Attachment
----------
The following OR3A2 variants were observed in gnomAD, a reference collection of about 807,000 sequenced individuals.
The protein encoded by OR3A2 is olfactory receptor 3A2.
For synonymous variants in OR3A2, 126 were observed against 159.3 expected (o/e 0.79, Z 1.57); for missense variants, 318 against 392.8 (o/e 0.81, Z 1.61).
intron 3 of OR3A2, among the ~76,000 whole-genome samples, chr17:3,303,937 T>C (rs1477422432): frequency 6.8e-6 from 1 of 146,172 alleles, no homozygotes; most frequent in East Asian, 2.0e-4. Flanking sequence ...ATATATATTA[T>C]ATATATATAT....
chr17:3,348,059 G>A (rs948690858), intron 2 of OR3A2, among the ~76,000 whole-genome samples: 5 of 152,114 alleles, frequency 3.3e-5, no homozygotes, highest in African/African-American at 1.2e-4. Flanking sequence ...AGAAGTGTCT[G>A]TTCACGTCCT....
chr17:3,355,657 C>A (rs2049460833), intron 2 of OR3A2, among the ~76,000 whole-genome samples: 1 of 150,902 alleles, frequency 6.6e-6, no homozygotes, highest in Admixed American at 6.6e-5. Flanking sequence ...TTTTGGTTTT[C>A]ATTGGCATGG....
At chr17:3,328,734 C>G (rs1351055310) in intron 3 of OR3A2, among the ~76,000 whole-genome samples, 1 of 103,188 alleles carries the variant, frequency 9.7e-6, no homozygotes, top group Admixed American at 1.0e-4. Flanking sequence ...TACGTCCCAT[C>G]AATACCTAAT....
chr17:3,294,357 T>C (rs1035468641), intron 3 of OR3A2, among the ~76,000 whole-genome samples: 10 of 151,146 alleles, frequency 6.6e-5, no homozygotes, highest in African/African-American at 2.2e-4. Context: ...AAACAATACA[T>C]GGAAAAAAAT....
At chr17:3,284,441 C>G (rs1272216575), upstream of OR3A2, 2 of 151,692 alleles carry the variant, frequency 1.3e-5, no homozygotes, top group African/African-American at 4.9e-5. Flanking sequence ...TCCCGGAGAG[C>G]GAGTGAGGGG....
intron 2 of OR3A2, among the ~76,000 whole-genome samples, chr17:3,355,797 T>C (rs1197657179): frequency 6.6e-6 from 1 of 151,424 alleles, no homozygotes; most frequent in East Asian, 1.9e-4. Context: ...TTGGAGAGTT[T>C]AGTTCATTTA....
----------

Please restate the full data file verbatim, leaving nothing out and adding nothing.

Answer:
The following OR3A2 variants were observed in gnomAD, a reference collection of about 807,000 sequenced individuals.
The protein encoded by OR3A2 is olfactory receptor 3A2.
For synonymous variants in OR3A2, 126 were observed against 159.3 expected (o/e 0.79, Z 1.57); for missense variants, 318 against 392.8 (o/e 0.81, Z 1.61).
intron 3 of OR3A2, among the ~76,000 whole-genome samples, chr17:3,303,937 T>C (rs1477422432): frequency 6.8e-6 from 1 of 146,172 alleles, no homozygotes; most frequent in East Asian, 2.0e-4. Flanking sequence ...ATATATATTA[T>C]ATATATATAT....
chr17:3,348,059 G>A (rs948690858), intron 2 of OR3A2, among the ~76,000 whole-genome samples: 5 of 152,114 alleles, frequency 3.3e-5, no homozygotes, highest in African/African-American at 1.2e-4. Flanking sequence ...AGAAGTGTCT[G>A]TTCACGTCCT....
chr17:3,355,657 C>A (rs2049460833), intron 2 of OR3A2, among the ~76,000 whole-genome samples: 1 of 150,902 alleles, frequency 6.6e-6, no homozygotes, highest in Admixed American at 6.6e-5. Flanking sequence ...TTTTGGTTTT[C>A]ATTGGCATGG....
At chr17:3,328,734 C>G (rs1351055310) in intron 3 of OR3A2, among the ~76,000 whole-genome samples, 1 of 103,188 alleles carries the variant, frequency 9.7e-6, no homozygotes, top group Admixed American at 1.0e-4. Flanking sequence ...TACGTCCCAT[C>G]AATACCTAAT....
chr17:3,294,357 T>C (rs1035468641), intron 3 of OR3A2, among the ~76,000 whole-genome samples: 10 of 151,146 alleles, frequency 6.6e-5, no homozygotes, highest in African/African-American at 2.2e-4. Context: ...AAACAATACA[T>C]GGAAAAAAAT....
At chr17:3,284,441 C>G (rs1272216575), upstream of OR3A2, 2 of 151,692 alleles carry the variant, frequency 1.3e-5, no homozygotes, top group African/African-American at 4.9e-5. Flanking sequence ...TCCCGGAGAG[C>G]GAGTGAGGGG....
intron 2 of OR3A2, among the ~76,000 whole-genome samples, chr17:3,355,797 T>C (rs1197657179): frequency 6.6e-6 from 1 of 151,424 alleles, no homozygotes; most frequent in East Asian, 1.9e-4. Context: ...TTGGAGAGTT[T>C]AGTTCATTTA....